Similarly, with respect to the International Traffic in Arms Regulations (ITAR), the State Department’s Directorate of Defense Trade Controls (DDTC) announced a licensing policy change for Hong Kong on July 15, 2020. (The ITAR is supported by the Arms Export Control Act (AECA), which was specifically referenced in Executive Order 13936.) The DDTC noted that the Executive Order requires that Hong Kong be treated as the PRC for purposes of the AECA and the ITAR with a specific carve-out to support Hong Kong persons residing outside of Hong Kong who were previously authorized to access defense articles (including technical data) that are controlled under the ITAR. The DDTC also stated that Hong Kong is now considered a proscribed country per 22 C.F.R. Section 126.1(d)(1) of the ITAR, and license applications for transfers of defense articles involving Hong Kong will be subject to a policy of denial. The DDTC also posted FAQs to its website noting that—
- DDTC will review on a case-by-case basis license applications to export defense services to Hong Kong persons who (a) are physically located outside of Hong Kong or the PRC and (b) were authorized to receive defense articles prior to July 14, 2020—exporters can also continue using available ITAR license exemptions consistent with Section 126.1(a); and,
- Current, valid, non-exhausted authorizations naming Hong Kong as a transfer territory are not affected by the Executive Order, and the DDTC will not take steps to revoke or rescind previously approved authorizations (i.e., licenses, agreements or General Correspondences) to export defense articles or services to Hong Kong.
The DDTC also stated that Hong Kong is now treated as the PRC. Therefore, the new restrictions on Hong Kong apply to all end-users in Hong Kong, not just to government entities.
Impact of the Executive Order and the Recently Enacted Hong Kong Autonomy Act on U.S. Economic Sanctions
Section 4 of Executive Order 13936 sanctions individuals and entities—
- Involved in the coercing, arresting, detaining or imprisoning of individuals under the authority of the PRC’s new national security legislation imposed on Hong Kong;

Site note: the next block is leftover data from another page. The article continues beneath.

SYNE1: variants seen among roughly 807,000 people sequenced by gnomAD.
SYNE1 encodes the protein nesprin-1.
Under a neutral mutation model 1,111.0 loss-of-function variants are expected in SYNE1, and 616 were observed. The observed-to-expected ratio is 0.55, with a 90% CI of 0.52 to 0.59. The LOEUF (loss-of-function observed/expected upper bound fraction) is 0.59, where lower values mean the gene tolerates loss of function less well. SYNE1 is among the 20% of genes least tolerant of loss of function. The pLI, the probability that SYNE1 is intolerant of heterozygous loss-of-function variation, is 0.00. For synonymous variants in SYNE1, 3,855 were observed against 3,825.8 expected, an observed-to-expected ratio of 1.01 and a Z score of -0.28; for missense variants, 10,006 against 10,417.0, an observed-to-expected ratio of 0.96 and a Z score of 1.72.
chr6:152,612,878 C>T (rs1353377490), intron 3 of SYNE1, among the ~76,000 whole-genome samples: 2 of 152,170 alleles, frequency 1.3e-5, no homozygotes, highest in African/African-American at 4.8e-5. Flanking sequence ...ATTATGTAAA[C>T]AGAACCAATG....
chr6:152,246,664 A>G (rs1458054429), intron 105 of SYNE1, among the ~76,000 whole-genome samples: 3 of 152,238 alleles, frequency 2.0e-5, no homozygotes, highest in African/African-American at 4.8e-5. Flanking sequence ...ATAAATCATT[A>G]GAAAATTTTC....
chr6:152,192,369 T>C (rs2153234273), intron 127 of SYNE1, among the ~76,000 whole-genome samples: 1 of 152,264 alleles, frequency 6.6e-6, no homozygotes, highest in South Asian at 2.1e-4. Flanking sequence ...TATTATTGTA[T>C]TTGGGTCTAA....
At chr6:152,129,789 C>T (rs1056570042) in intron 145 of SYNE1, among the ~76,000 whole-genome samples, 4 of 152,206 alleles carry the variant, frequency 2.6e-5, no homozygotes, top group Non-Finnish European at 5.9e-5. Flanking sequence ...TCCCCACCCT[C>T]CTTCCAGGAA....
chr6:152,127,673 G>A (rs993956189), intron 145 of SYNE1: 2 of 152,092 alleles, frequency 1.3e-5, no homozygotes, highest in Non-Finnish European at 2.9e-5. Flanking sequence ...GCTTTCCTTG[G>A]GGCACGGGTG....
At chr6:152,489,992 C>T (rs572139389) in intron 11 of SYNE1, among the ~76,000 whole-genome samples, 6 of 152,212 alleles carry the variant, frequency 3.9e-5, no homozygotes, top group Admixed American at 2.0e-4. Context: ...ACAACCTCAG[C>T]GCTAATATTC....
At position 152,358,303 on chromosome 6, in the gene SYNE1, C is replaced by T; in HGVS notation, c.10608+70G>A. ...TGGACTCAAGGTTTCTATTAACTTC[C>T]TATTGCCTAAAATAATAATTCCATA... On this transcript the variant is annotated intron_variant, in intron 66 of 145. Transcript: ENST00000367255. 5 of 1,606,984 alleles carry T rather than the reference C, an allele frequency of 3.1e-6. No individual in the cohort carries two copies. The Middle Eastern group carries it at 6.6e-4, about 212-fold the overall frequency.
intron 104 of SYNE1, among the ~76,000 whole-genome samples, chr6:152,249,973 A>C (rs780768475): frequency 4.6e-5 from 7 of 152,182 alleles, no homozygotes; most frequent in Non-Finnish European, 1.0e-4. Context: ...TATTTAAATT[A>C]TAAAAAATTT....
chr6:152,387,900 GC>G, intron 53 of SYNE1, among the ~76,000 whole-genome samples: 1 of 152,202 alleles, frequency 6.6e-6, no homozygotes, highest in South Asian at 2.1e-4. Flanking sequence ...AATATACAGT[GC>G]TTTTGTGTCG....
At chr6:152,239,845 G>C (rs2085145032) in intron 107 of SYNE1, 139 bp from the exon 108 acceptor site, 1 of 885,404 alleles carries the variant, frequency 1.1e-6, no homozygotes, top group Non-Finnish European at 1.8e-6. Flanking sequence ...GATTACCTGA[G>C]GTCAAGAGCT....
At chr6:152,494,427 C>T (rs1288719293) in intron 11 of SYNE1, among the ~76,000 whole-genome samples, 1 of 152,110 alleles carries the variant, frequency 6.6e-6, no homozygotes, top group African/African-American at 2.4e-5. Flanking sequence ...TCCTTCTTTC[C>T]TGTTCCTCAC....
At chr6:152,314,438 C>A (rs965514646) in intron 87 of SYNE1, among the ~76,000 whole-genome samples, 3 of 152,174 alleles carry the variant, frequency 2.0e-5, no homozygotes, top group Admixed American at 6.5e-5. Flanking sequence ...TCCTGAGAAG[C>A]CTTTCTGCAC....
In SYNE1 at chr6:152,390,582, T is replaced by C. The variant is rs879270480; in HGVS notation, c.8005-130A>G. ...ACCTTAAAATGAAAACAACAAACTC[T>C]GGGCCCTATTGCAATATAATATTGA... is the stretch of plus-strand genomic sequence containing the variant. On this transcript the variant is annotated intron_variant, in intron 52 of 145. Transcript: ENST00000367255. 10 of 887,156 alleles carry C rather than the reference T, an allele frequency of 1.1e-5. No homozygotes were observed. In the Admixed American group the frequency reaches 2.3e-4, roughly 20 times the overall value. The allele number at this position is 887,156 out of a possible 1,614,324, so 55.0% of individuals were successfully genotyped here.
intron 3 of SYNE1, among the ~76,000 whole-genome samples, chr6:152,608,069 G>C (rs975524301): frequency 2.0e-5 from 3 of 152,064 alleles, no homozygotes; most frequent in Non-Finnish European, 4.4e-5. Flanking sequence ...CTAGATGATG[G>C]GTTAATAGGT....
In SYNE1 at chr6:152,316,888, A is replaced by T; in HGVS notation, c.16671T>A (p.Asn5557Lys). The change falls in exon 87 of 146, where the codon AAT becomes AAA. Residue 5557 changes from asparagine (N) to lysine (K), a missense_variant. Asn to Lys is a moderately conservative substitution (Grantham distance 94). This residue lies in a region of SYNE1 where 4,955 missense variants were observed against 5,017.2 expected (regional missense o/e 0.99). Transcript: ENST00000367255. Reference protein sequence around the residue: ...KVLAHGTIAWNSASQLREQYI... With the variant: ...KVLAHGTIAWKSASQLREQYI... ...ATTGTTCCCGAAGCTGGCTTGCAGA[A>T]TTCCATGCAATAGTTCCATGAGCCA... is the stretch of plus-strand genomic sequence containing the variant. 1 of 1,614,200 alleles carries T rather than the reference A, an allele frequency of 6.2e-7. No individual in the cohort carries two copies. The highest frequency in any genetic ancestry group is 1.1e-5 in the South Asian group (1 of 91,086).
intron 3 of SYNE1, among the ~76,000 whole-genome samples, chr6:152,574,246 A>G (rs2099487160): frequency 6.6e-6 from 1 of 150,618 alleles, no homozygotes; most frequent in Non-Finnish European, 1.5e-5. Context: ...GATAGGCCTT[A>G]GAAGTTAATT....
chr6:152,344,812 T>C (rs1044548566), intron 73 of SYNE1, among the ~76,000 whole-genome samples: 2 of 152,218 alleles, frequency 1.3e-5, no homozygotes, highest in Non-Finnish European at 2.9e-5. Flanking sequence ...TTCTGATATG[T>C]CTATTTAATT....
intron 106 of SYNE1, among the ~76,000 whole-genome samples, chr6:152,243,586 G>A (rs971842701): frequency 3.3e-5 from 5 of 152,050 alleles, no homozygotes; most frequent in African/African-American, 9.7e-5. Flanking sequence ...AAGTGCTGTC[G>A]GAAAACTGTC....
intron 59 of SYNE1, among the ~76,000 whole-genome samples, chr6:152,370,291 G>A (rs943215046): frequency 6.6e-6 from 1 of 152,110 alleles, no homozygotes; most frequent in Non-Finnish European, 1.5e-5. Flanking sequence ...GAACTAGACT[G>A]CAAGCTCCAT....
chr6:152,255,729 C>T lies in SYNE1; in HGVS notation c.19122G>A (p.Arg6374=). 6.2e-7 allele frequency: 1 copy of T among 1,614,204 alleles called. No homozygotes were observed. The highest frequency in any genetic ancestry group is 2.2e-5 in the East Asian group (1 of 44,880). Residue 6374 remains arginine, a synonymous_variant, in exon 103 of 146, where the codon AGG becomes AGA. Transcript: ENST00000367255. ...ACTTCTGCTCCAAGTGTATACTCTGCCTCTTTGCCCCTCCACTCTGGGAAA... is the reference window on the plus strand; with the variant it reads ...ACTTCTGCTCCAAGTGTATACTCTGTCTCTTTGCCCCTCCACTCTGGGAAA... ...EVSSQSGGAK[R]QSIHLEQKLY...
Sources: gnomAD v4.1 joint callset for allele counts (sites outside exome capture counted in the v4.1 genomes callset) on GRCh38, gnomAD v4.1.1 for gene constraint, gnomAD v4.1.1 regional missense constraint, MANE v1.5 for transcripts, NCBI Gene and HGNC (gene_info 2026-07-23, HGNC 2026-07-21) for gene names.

- Involved in developing, adopting or implementing the PRC’s new national security legislation;
- Involved in actions or policies that undermine democratic processes or institutions in Hong Kong, or that threaten the peace and security of Hong Kong;
- Involved in censorship or other activities that prohibit, limit or penalize the exercise of freedom of expression or assembly by citizens of Hong Kong;
- Involved in the extrajudicial rendition, arbitrary detention or torture of any person in Hong Kong or other gross human rights violations;
- Who are leaders or officials of an entity that engaged in the foregoing activities;
- That have materially assisted, sponsored or provided financial, material or technological support for, or gods or services to or in support of, any person sanctioned above;
- That are owned or controlled by, or that have acted on behalf of, any person sanctioned above; or,
- Who is a member of the board of directors or a senior executive officer of any person sanctioned above.
Executive Order 13936 did not make any immediate sanctions designations. OFAC has not yet added any individuals and entities to the Specially Designated Nationals List.
As noted above, President Trump also signed into law the Hong Kong Autonomy Act (HKAA). The HKAA authorizes sanctions against foreign persons that materially contribute to the undermining of Hong Kong’s autonomy and foreign financial institutions that engage in significant transactions with those foreign persons. The HKAA requires the Secretary of State, in consultation with the Secretary of the Treasury, to identify such foreign persons within 90 days following the legislation’s enactment and then at least annually going forward. Within 30 and 60 days following the submission of the Foreign Person Report, the Secretary of the Treasury must submit a report that identifies any foreign financial institutions that conducts a significant transaction involving the designated foreign persons.